COMMENTARY: The eighth anniversary of Pope Francis’ election brought a completely unexpected and wholly unnecessary controversy.
Ad multos annos Holy Father! Just try to avoid the anniversaries. … Your subordinates ruin them by launching embarrassing “imbergoglios.”
The eighth anniversary of Pope Francis’ election brought a completely unexpected and wholly unnecessary controversy. The Vatican Secretariat of State, without forewarning or any apparent consultation, banned all the Masses offered on the side altars of St. Peter’s Basilica, a daily practice that has been a much-loved tradition for decades.
An example of how strange this new edict is: Consider Cardinal Konrad Krajewski, the papal almoner who cares for the poor and homeless in the Holy Father’s name and is the single most emblematic figure of this pontificate in the Roman Curia. He is one of the regulars who offers daily Mass at the side altars. He will now have to make other arrangements.
Other senior curial officials have offered their daily Mass there for decades. Each morning, there are dozens of priests — a great many of them who work in Vatican offices and do not have a parish — as well as visiting pilgrim priests, who offer the Masses, joined by pilgrims in the basilica who consider it a great blessing to attend Mass in the early morning quiet at the heart of the Church.
Just outside the sacristy, small groups wait and ask the priests who are processing out what language they are celebrating in. Thus ordinary faithful can attend Mass in their own language at an altar that contains the remains of a great saint — Leo the Great and Gregory the Great from antiquity, Pius X and John XXIII from our own time.
On May 4, 2003, I was there early on Sunday morning when a small group of nuns asked if they might join my Mass — and if I could celebrate for them in Italian. They were Polish, but could follow Italian. I was happy to do so at the altar of Mary, Mother of the Church. Afterward, I asked what brought them to St. Peter’s that morning.
“We work in Rome, but our chaplain is away today,” the superior of sisters told me. Then I recognized them!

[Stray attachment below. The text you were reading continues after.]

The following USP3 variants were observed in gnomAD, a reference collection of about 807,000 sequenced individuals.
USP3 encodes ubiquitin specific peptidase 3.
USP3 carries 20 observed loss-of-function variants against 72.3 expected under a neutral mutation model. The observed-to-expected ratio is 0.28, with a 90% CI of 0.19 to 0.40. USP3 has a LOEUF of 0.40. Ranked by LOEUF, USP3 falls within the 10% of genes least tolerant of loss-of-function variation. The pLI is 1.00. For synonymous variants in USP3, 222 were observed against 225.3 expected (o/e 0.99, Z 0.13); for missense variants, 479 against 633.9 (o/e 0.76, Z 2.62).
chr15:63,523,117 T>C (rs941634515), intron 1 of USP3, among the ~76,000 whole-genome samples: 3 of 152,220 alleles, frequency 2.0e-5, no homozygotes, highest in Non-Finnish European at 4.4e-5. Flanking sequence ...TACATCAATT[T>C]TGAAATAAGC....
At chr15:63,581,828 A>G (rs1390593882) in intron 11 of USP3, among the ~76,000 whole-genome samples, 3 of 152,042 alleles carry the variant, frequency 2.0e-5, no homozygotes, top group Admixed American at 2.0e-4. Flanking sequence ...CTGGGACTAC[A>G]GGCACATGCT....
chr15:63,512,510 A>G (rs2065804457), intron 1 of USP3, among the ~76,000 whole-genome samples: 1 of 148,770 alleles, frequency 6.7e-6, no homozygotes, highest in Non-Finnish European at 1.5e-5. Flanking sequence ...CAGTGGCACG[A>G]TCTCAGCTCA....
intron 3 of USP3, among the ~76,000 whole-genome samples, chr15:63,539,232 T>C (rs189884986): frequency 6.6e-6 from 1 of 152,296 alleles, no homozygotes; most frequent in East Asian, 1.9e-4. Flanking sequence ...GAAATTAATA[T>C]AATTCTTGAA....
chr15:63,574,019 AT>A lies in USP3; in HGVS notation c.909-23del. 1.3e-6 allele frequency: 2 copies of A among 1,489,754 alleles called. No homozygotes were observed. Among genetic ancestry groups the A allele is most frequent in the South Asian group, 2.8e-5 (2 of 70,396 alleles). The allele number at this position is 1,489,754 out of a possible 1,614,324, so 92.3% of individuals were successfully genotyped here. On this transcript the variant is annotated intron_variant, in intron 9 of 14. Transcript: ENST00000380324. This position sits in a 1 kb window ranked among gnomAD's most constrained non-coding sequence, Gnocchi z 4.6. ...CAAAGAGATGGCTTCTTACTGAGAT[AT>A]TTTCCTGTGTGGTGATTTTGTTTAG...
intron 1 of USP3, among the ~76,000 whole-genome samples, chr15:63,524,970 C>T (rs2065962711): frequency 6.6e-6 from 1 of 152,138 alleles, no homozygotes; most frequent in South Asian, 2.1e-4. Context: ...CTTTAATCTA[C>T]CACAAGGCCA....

“Yes, he is in Spain today, is he not?” I asked. The sisters who lived in the papal household only smiled and nodded discreetly. Their “chaplain” was St. John Paul II who, eight years later, would be buried in another altar in the basilica, the most desired altar of all for several years.
I remember the exact date because those early morning Masses in St. Peter’s are a singular experience of grace. Thousands upon thousands of priests and pilgrims have experienced that.
Now Cardinal Krajewski, the curial officials, pilgrims and I will be forced into a large Italian concelebration.
Why this would be done on the eve of the Holy Father’s anniversary — Vatican offices are closed on the anniversary itself — is perplexing. Any priest who comes to St. Peter’s as a pilgrim, or offers the Holy Mass there regularly, cannot help but grow in adherence to the Petrine office and the incumbent pontiff, surrounded as he is with the history of papal holiness arrayed around the bones of the Apostle Peter. Why would the Secretariat of State want to diminish that?
By definition, an imbergoglio is a head-scratcher. An anniversary imbergoglio is not unprecedented.
I coined the term last year to describe those annoying imbroglios that plague Papa Bergoglio, Pope Francis. The heavily-burdened man “is just going about his business and the people around him create an almighty flap” in what otherwise would be routine matter — a feast day celebration, a book launch, or now, the organization of Masses in St. Peter’s.
The St. Peter’s imbergoglio is one of the worst. But it has competition.
On the Holy Father’s fifth anniversary in 2018, Msgr. Dario Viganò, then head of Vatican communications, launched a series of booklets portraying Pope Francis as a sophisticated theologian. He asked Pope Emeritus Benedict XVI to write an endorsement for the series. Benedict flat-out refused in a private letter, declining even to read the booklets and noting that some authors were notable theological dissenters from the papal magisterium.
Msgr. Viganò then lied about what Benedict had written to the Vatican press corps, manipulating an image of the letter to back up his mendacity. When he was exposed he resigned, but not before making Pope Francis look inadequate, insecure and dishonest by association. It was a terrible injustice, as the Holy Father himself had nothing whatsoever to do with it.
Now the decision regarding Masses in St. Peter’s makes the Holy Father appear impious, impetuous and inconsiderate for something that I fully expect he was not aware of. It would not be at all surprising if Pope Francis himself intervenes to clean up the mess. The decree goes into effect on March 22, so there are a few days left for the Holy Father to save Cardinal Krajewski’s morning Mass. But he shouldn’t have to.
Meanwhile, Pope Francis may consider giving his senior collaborators not just a day off for his anniversary, as per longstanding Vatican custom, but the entire month, to avoid future imbergoglios.
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